On Call: Welcoming the G1
By now, you might have read Bonnie Cha and Nicole Lee's review of the T-Mobile G1, which goes on sale Wednesday. As one of the most anticipated cell phones of the year, the G1 had me on the edge of my seat the moment T-Mobile announced it. I wasn't part of the formal CNET review, but I relished the opportunity to get some one-on-one time with the device.
As Bonnie and Nicole rightfully point out, the G1's design isn't the most inspiring, and it lacks some needed features, but I still applaud HTC and T-Mobile for taking this step. Though it isn't perfect, and I can't think of a phone that is, the G1 is a great start on a new way to think about the mobile industry. It is much more than just another phone; the G1's real appeal lies in its promise of an open-source device that puts control in the hands of users. Whether the G1 will really deliver on that promise remains to be seen, but I think it has a lot of potential to do so.
The "walled garden" is a concept you hear a lot in the cell phone world. Basically, it describes an environment where one party controls every aspect of the user experience, from the handset to the service to the applications. For much of the mobile phone industry's life in the United States, that party has been the carrier. Yet, ever since the iPhone burst onto the scene 15 months ago, that concept has begun to change.
Compared with other carriers and manufacturers, AT&T has taken a backseat in its relationship with Apple. While the carrier undoubtedly had a voice in the iPhone's development, Fred Volgestein pointed out in Wired earlier this year, that Apple dictated what the iPhone would look like and what it would offer, rather than the other way around. While the result remained a "walled garden" experience--Apple makes the device, operates the music store, and controls who can offer applications--it is a walled garden of a different stripe. In contrast, AT&T doesn't have a say in the third-party applications. It's not a gatekeeper but a "dumb pipe" whose only job is to serve as a conduit for the iPhone and Apple's services. Some in the carrier world are no doubt wringing their hands over becoming dumb pipes, but I think customers benefit. And the G1 could break down that wall even further.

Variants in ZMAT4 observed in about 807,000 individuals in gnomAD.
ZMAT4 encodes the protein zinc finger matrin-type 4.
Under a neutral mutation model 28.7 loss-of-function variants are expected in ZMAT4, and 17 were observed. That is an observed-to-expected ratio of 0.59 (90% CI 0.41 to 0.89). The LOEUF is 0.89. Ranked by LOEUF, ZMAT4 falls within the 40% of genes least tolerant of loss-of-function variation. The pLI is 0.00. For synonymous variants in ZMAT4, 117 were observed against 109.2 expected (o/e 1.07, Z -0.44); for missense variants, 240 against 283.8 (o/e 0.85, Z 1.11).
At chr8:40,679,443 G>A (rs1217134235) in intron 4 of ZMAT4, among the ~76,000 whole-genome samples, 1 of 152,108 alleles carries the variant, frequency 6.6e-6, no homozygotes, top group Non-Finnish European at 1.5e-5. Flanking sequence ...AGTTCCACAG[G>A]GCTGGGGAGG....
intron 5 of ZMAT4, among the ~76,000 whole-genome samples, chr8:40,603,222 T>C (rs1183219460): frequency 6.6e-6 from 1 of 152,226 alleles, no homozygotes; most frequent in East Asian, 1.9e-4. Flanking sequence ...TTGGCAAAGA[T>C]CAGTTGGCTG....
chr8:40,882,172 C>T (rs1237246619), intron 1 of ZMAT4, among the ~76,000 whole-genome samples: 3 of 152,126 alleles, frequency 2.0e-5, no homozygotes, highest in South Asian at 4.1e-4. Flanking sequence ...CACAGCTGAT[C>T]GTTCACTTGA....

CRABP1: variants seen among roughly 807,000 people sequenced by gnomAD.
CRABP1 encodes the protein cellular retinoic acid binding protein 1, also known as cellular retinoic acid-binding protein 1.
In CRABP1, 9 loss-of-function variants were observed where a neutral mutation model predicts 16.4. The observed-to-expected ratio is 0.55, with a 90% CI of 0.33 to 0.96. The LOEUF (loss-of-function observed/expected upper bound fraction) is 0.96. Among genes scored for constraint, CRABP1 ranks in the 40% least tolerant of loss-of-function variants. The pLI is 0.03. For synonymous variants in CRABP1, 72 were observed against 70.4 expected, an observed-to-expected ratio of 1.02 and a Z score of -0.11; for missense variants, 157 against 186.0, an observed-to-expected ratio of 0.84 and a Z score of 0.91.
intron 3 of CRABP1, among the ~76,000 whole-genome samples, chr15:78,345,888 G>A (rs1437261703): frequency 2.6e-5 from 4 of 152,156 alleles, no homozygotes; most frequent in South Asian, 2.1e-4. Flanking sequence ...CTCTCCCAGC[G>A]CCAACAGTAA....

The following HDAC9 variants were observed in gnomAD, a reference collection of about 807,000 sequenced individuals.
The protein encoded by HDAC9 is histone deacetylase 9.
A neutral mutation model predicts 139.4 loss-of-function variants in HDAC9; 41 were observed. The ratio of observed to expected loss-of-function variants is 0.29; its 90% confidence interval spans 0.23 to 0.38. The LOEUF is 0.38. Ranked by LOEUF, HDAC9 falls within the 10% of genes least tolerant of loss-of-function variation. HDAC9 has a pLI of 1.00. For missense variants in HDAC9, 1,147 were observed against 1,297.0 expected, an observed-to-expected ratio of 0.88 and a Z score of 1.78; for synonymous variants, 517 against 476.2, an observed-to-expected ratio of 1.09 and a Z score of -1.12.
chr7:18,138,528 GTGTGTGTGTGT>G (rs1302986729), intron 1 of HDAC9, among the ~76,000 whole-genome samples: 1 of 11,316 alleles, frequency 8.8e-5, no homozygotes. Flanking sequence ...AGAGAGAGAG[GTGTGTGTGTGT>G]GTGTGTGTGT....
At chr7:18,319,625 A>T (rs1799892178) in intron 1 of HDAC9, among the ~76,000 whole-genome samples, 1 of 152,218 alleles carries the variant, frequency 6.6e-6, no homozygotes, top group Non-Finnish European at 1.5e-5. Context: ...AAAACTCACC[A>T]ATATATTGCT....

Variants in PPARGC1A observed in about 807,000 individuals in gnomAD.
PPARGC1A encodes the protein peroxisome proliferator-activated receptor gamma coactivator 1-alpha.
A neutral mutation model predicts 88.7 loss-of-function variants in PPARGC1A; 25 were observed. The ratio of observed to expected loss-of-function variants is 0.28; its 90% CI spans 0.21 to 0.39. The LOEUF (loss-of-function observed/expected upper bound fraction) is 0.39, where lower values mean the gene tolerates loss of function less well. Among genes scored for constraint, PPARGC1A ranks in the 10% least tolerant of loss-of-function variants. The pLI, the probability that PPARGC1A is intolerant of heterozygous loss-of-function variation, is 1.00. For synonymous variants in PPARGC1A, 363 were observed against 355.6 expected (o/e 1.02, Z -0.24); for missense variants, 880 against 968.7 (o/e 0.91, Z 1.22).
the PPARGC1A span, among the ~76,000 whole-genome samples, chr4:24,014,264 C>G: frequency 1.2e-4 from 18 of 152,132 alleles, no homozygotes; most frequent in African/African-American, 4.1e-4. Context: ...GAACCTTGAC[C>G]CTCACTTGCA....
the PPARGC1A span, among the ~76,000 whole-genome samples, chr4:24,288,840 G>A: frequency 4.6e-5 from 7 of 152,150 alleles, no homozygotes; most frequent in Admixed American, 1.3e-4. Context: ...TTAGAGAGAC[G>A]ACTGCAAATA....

The G1 runs the Android operating system developed by Google and the Open Handset Alliance. Unlike other cell phone operating systems, Android is completely open source (the full source code became available Tuesday). That's a big change from Palm, Windows Mobile, Apple, and even Symbian. With the G1, however, users and developers get the whole caboodle.
The Android application store is another game changer. While Apple strictly controls the iTunes App Store, Google is taking a more hands-off approach. Developers have to apply to join the community and sign a service agreement, but once you're in, you're in. And once you get approved, you can upload applications at will. Fellow community members, rather that Google, then take over. The members can dictate which applications warrant inspection by flagging the content that they think is inappropriate. If something is flagged, Google will review it and will remove it only if it malicious. Pretty nice.
Though there's more to the story, it's clear that the G1 offers a new model for the industry. The handset offers an open-source operating system, multiple members are involved (don't forget Amazon runs the music store), and no one entity, be it Google, HTC, or T-Mobile has sole control over the experience. Granted, I may be romanticizing it just a bit, and only time will tell just how the user experience will be, but the G1 beats ever other cell phone I've seen in giving customers power over the device. I doubt the cell phone will ever be as free as a computer--the carrier always will have some say in how you can use it--but the G1 gives us hope. And that is why it warrants our attention.